The Amazon Bonus

It looks like Amazon has been forced to do something it is genetically opposed to – pay workers more. 

Amazon has had a recruitment crisis in the US for a while. Staff turnover in its warehouses has been so high that it has started to run out of replacements. The New York Times had estimated that even before the pandemic, Amazon’s staff turnover for hourly-paid workers was running at 150% per year – so replacing your warehouse staff entirely one and a half times per year. This is clearly unsustainable. Also, as the word gets around how poor pay and conditions are, fewer people are prepared to join – and no one who previously worked for Amazon appears to want to return.

Amazon has for several years run TV ads trying to dispel its image as a poor employer. But, of course, things must be pretty awful if an employer is forced to do this. Although the ads are not a great idea as they reinforce how poor working conditions are in Amazon warehouses, they serve as an effective reminder.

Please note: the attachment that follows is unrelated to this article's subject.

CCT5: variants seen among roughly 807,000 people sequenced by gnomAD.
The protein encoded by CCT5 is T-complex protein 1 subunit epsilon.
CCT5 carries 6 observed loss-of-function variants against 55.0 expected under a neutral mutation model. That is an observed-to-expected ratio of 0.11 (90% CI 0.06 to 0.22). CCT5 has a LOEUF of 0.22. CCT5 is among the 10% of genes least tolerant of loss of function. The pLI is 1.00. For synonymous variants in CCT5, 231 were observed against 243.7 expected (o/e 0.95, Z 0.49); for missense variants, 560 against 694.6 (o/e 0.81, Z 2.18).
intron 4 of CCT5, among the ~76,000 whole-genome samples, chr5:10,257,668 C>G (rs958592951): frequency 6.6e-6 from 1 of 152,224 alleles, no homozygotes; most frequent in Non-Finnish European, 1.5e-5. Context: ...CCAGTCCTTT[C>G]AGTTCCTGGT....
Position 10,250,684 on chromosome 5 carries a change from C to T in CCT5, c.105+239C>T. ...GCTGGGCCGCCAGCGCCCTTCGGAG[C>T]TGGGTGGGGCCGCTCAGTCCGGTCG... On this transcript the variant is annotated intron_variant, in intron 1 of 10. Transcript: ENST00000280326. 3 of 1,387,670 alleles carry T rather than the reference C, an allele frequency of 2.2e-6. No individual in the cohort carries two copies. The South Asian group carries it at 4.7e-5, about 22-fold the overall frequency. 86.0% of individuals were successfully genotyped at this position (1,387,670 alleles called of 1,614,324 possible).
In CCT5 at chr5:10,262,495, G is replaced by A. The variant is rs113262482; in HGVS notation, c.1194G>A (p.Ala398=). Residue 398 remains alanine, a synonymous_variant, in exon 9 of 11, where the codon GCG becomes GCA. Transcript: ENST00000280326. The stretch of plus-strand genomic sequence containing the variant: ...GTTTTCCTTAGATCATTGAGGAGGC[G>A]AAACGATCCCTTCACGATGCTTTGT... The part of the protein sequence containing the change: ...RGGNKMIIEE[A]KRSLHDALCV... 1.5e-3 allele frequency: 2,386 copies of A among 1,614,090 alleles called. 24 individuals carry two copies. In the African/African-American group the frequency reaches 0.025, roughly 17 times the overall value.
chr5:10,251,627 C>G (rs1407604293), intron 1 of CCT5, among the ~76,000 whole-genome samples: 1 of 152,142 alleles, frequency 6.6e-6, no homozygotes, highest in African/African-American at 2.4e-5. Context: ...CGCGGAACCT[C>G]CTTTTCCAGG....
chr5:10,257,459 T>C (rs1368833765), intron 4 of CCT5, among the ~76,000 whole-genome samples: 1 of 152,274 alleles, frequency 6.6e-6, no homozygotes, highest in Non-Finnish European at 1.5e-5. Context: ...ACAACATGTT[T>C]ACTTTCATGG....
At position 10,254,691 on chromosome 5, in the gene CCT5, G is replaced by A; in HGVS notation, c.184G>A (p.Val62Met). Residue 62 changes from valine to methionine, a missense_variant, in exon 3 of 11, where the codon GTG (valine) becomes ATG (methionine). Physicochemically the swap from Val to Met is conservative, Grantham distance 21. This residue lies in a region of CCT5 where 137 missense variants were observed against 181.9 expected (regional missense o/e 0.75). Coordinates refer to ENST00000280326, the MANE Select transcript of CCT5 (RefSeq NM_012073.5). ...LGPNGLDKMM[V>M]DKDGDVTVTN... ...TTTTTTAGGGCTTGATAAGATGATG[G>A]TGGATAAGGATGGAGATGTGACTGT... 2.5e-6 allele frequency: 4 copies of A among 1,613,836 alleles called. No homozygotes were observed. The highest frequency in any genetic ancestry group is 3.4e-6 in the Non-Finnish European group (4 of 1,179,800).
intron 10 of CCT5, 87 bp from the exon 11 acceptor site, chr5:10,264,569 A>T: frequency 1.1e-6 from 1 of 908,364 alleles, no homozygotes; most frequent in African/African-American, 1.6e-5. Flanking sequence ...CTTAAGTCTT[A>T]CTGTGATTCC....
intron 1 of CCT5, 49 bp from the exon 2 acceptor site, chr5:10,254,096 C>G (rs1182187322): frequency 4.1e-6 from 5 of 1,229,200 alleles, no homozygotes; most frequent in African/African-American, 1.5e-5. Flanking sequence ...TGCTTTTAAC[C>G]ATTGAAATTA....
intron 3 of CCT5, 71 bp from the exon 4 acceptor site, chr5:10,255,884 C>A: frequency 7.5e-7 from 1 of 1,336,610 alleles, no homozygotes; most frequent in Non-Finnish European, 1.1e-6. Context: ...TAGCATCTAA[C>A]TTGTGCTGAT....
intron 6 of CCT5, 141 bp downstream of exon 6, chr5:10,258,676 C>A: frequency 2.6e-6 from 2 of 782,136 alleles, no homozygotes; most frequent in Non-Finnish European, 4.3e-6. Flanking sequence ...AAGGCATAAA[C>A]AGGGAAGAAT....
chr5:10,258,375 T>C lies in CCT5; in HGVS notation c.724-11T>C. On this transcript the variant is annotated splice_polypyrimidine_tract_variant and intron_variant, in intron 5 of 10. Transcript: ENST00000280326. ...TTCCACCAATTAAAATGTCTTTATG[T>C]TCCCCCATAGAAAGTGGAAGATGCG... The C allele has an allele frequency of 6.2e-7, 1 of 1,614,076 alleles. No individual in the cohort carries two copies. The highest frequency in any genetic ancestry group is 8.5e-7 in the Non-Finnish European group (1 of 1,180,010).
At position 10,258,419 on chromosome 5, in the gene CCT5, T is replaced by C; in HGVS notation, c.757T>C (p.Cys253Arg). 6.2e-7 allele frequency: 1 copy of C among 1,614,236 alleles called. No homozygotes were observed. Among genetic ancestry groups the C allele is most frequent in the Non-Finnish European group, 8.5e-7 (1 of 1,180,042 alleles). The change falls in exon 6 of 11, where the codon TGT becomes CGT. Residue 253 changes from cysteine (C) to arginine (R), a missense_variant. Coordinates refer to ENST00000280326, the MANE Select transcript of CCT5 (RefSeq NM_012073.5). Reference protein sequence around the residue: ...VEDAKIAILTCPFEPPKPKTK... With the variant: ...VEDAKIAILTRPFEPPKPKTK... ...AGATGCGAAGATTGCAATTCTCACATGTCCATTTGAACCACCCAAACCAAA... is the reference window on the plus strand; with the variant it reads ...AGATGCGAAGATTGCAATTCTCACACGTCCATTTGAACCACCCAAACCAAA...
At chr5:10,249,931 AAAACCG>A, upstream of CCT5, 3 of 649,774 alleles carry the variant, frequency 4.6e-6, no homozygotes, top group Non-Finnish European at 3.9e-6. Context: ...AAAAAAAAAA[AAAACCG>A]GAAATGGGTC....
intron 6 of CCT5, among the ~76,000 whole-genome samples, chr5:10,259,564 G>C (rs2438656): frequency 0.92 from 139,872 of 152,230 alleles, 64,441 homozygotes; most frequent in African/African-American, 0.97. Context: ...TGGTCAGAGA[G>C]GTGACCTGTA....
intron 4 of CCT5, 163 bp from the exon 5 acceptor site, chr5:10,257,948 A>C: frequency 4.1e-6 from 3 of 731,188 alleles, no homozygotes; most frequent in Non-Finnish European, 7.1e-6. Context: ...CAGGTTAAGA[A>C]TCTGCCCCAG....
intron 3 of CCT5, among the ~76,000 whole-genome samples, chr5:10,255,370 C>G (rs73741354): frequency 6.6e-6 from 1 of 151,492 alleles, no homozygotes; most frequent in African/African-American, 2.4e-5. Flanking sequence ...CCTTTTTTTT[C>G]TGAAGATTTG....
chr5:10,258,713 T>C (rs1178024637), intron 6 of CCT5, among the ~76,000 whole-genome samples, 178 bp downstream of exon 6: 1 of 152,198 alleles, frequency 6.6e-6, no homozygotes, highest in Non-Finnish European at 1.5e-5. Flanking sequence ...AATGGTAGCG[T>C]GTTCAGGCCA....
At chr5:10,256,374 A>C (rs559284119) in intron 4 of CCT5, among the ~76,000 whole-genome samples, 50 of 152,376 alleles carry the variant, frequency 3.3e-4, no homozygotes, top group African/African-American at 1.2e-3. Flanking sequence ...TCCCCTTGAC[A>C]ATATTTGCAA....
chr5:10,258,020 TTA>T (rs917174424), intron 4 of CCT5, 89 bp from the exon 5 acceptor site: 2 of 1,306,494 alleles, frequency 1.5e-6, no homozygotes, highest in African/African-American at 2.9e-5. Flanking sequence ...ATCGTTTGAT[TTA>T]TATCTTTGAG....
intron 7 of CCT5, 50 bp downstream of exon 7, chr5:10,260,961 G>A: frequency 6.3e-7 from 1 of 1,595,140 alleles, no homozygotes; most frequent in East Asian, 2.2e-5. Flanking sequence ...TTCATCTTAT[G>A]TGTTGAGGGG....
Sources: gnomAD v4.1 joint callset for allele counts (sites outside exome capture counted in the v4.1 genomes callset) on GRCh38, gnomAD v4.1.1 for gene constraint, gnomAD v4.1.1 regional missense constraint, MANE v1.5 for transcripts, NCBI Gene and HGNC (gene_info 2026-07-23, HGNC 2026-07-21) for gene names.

With Christmas approaching, Amazon has been as pragmatic as ever and dug deep to offer some healthy sign-on bonuses of up to £3,000 for the Christmas period. The £3,000 bonus is for their Exeter site, with other sites typically offering £1,500. However, this offer will probably come with some caveats and is unlikely to be paid until the end of the Christmas contracting period.

The bonuses make it harder for other employers to compete (but that’s life). It also begs the question of when Amazon will realise that treating warehouse staff well and retaining them would be cheaper and deliver better results for their business. 

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